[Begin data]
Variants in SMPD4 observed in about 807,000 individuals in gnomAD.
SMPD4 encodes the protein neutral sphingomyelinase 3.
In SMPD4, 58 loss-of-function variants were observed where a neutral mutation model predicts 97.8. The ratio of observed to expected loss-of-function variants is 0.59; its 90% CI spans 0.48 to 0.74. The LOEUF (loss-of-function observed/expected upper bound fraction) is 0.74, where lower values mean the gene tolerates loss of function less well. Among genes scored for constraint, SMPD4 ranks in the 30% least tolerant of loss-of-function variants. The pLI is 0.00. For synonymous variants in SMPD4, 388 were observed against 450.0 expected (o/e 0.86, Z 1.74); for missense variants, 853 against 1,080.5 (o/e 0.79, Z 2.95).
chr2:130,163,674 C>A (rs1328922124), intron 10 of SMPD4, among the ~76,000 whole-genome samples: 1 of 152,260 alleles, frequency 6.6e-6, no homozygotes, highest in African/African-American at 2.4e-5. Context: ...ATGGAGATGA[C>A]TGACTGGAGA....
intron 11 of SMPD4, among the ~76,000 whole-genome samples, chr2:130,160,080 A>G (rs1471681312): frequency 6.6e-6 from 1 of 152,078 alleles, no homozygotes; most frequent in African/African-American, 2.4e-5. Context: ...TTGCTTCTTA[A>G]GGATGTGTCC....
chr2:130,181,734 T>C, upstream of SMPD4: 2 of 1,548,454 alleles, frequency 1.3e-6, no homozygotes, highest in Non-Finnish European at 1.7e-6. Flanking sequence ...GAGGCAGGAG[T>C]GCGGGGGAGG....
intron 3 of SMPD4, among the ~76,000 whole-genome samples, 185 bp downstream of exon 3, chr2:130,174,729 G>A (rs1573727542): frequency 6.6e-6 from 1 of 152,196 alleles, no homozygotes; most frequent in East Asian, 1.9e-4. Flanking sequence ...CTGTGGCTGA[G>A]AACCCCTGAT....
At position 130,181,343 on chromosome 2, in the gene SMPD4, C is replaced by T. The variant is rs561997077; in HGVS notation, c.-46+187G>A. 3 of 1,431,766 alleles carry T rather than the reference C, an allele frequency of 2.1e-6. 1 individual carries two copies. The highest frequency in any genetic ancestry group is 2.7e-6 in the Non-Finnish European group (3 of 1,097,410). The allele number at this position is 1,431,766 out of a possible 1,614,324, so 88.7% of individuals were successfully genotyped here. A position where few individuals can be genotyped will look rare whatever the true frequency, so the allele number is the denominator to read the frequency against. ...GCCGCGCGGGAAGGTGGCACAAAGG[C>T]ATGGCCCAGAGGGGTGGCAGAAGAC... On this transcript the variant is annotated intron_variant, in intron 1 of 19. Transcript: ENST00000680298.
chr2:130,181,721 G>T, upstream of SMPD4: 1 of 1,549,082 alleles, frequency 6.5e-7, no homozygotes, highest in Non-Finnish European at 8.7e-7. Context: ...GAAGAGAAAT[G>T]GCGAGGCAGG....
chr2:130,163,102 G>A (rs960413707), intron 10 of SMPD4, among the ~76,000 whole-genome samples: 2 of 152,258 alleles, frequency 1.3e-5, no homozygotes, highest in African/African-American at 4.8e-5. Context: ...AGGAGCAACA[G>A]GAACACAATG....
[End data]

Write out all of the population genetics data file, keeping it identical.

Variants in SMPD4 observed in about 807,000 individuals in gnomAD.
SMPD4 encodes the protein neutral sphingomyelinase 3.
In SMPD4, 58 loss-of-function variants were observed where a neutral mutation model predicts 97.8. The ratio of observed to expected loss-of-function variants is 0.59; its 90% CI spans 0.48 to 0.74. The LOEUF (loss-of-function observed/expected upper bound fraction) is 0.74, where lower values mean the gene tolerates loss of function less well. Among genes scored for constraint, SMPD4 ranks in the 30% least tolerant of loss-of-function variants. The pLI is 0.00. For synonymous variants in SMPD4, 388 were observed against 450.0 expected (o/e 0.86, Z 1.74); for missense variants, 853 against 1,080.5 (o/e 0.79, Z 2.95).
chr2:130,163,674 C>A (rs1328922124), intron 10 of SMPD4, among the ~76,000 whole-genome samples: 1 of 152,260 alleles, frequency 6.6e-6, no homozygotes, highest in African/African-American at 2.4e-5. Context: ...ATGGAGATGA[C>A]TGACTGGAGA....
intron 11 of SMPD4, among the ~76,000 whole-genome samples, chr2:130,160,080 A>G (rs1471681312): frequency 6.6e-6 from 1 of 152,078 alleles, no homozygotes; most frequent in African/African-American, 2.4e-5. Context: ...TTGCTTCTTA[A>G]GGATGTGTCC....
chr2:130,181,734 T>C, upstream of SMPD4: 2 of 1,548,454 alleles, frequency 1.3e-6, no homozygotes, highest in Non-Finnish European at 1.7e-6. Flanking sequence ...GAGGCAGGAG[T>C]GCGGGGGAGG....
intron 3 of SMPD4, among the ~76,000 whole-genome samples, 185 bp downstream of exon 3, chr2:130,174,729 G>A (rs1573727542): frequency 6.6e-6 from 1 of 152,196 alleles, no homozygotes; most frequent in East Asian, 1.9e-4. Flanking sequence ...CTGTGGCTGA[G>A]AACCCCTGAT....
At position 130,181,343 on chromosome 2, in the gene SMPD4, C is replaced by T. The variant is rs561997077; in HGVS notation, c.-46+187G>A. 3 of 1,431,766 alleles carry T rather than the reference C, an allele frequency of 2.1e-6. 1 individual carries two copies. The highest frequency in any genetic ancestry group is 2.7e-6 in the Non-Finnish European group (3 of 1,097,410). The allele number at this position is 1,431,766 out of a possible 1,614,324, so 88.7% of individuals were successfully genotyped here. A position where few individuals can be genotyped will look rare whatever the true frequency, so the allele number is the denominator to read the frequency against. ...GCCGCGCGGGAAGGTGGCACAAAGG[C>T]ATGGCCCAGAGGGGTGGCAGAAGAC... On this transcript the variant is annotated intron_variant, in intron 1 of 19. Transcript: ENST00000680298.
chr2:130,181,721 G>T, upstream of SMPD4: 1 of 1,549,082 alleles, frequency 6.5e-7, no homozygotes, highest in Non-Finnish European at 8.7e-7. Context: ...GAAGAGAAAT[G>T]GCGAGGCAGG....
chr2:130,163,102 G>A (rs960413707), intron 10 of SMPD4, among the ~76,000 whole-genome samples: 2 of 152,258 alleles, frequency 1.3e-5, no homozygotes, highest in African/African-American at 4.8e-5. Context: ...AGGAGCAACA[G>A]GAACACAATG....